Now comes SMS--What's App is awesome, but iMessage and BBM are also in the same vein. No costs to the user as all work over the top, or as Dean Bubley may say, under the floor. Regardess if it's over or under, "if its free it's me, and like many, if I gotta pay, it's no way..."

Of course there is Skype and VoIP also works well when you travel. Lastly, is Boingo. Their mobile plan for $7.95 is working worldwide, and may be the best value around. For checking in at airports, it works, and what's more, if their mobile clients fail, just log on via the walled garden via the browser. 

So while Om suffers from high international data rates, it's more because he's a much less infrequent traveler, while as a regular citizen of the world, I simply use all the tools at our disposal to ...STAY CONNECTED.

AT&T: I Expected Better

AT&T and T-Mobile are in a war of words, using stats to confound and confuse and basically fighting a battle of whose is bigger...the most recent ads though by AT&T seem to go into the sewer after T-Mobile sought to keep the fight on the street. As a longstanding customer of both companies, it hurts to see wasted efforts like these when they both should be pouring their money into making for a better customer experience, not having a war of words, which in reality, don't solve the problems.

When it comes to mobile operators in the USA, I'm a customer of all four mobile operators. The reason? Coverage, or the lack of it in many places. Where I live, and where I travel means I need the flexibility and reliability that none of them really can deliver. In the USA coverage is huge issue and while there's a steady battle on about dropped calls, speeds and failed calls, the reality is that tower locations are getting harder to find, in building coverage is a challenge and backhaul for data is getting deeply constrained.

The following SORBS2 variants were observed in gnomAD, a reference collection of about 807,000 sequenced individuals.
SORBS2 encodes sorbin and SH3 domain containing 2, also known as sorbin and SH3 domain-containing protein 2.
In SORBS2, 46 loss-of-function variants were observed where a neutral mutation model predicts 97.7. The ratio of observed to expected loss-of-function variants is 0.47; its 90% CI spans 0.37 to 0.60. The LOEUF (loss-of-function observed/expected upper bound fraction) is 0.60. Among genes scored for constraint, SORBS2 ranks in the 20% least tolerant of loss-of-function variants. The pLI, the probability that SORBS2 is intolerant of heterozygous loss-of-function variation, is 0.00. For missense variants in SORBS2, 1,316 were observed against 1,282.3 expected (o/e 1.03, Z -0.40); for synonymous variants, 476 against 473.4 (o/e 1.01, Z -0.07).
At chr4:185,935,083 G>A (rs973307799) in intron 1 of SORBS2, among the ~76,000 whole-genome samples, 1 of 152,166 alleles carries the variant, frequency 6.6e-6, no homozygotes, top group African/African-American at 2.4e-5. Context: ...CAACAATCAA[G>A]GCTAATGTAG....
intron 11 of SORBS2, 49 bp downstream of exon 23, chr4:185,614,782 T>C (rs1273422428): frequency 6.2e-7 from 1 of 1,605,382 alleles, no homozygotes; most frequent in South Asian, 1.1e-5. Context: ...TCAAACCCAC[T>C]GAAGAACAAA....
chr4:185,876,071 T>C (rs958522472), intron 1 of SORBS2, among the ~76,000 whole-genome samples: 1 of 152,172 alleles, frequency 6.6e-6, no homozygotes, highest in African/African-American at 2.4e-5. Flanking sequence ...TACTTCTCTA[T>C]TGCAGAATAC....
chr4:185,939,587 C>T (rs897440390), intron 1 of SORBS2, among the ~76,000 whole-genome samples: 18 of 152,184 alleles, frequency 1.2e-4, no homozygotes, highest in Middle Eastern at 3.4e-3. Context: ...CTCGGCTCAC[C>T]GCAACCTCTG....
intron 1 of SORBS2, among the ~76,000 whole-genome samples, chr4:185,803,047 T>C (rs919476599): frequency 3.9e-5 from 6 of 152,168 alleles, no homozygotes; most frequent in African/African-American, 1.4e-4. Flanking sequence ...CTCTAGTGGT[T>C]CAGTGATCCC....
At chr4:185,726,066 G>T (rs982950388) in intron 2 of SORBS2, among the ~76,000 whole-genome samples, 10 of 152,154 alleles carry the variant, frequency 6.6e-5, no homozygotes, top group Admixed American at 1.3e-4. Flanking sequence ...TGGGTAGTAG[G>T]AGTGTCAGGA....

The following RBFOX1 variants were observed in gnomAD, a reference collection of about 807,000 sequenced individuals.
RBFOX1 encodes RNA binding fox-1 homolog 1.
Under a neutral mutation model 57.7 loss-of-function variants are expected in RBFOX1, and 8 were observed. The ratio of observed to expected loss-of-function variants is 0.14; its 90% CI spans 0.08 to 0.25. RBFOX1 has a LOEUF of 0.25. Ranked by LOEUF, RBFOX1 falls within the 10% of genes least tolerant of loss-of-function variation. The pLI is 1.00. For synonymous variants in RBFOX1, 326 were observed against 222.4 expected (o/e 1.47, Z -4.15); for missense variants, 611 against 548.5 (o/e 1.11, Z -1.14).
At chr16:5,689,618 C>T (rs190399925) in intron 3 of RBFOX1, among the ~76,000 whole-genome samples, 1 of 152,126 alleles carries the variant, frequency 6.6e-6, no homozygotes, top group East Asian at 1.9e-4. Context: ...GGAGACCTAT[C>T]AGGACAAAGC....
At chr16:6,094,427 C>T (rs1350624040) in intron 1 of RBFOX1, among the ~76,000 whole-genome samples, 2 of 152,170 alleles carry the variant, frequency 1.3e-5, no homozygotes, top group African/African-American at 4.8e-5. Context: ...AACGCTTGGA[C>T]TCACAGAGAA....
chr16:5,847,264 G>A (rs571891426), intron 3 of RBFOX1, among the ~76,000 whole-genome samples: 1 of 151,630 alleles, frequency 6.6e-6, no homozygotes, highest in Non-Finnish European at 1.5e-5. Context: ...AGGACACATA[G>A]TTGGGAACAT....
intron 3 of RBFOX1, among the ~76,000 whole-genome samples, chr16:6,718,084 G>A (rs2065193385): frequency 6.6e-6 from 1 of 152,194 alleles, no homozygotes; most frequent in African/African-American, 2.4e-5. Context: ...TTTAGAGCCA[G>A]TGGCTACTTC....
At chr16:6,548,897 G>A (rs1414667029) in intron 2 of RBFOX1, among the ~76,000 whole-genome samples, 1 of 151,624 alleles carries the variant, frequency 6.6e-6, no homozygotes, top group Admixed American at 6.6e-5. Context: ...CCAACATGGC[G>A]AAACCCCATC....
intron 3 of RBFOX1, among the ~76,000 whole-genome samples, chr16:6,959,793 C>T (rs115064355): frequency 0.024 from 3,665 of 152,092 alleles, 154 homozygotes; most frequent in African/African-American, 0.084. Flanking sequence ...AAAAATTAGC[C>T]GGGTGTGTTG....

Over the past year my primary mobile device has become the iPhone, and while I started using it more than my BlackBerry on T-Mobile becuase of the apps, and no other reason, I still used my BlackBerry on T-Mobile heavily for two things. Email and BlackBerry Messenger. Up until the arrival of the iPhone 5, the iPhone on AT&T was my lead phone and carrier for calls, not because the network was better, but simply because it was the phone that worked best in the car with the least distraction to make or take calls. When the iPhone 5 arrived, I bought two of them. One each on Verizon Wireless, and another on AT&T-both unlocked.

Since its arrival, the Verizon phone has seen the bulk of the voice minutes which previously used to go to AT&T, and the reason is simple. Coverage but certainly not call quality. What happened recently in San Diego, and likely elsewhere is as AT&T "upgraded" their networks to LTE the voice coverage patterns changed, with places like my favorite breakfast joint losing coverage and other places like the freeway, adding better coverage. A long talk with folks inside AT&T Network determined that the changes to the network coverage in San Diego County caused this and what's more I was offered to be let out of any contracts.

But, as someone who travels, leaving AT&T wasn't the answer. Being polyamourous was. And, I'm not talking about using both circuit switched cellular and VOIP or Skype. I'm referring to using multiple carriers.

My issue with Verizon though is different. The vagaries of call quality are very evident, especially when calls to me originate on Skype, go through GoogleVoice or come from or go to another mobile operator. The transcoding, and network hopping of voice calls today in the USA is so bad that its not about dropped calls, speeds and failed calls. No, its about quality.

My guess is that Sprint wins on quality, not because they have a bigger footprint. They don't. Simply because they have less people on their network. You don't see Sprint playing in this game of gutter ball. Nor Verizon. Both are taking the high road, and I hope they stay there, because, gutter ball marketing has a way of coming back to bite you, and customers have a long memory.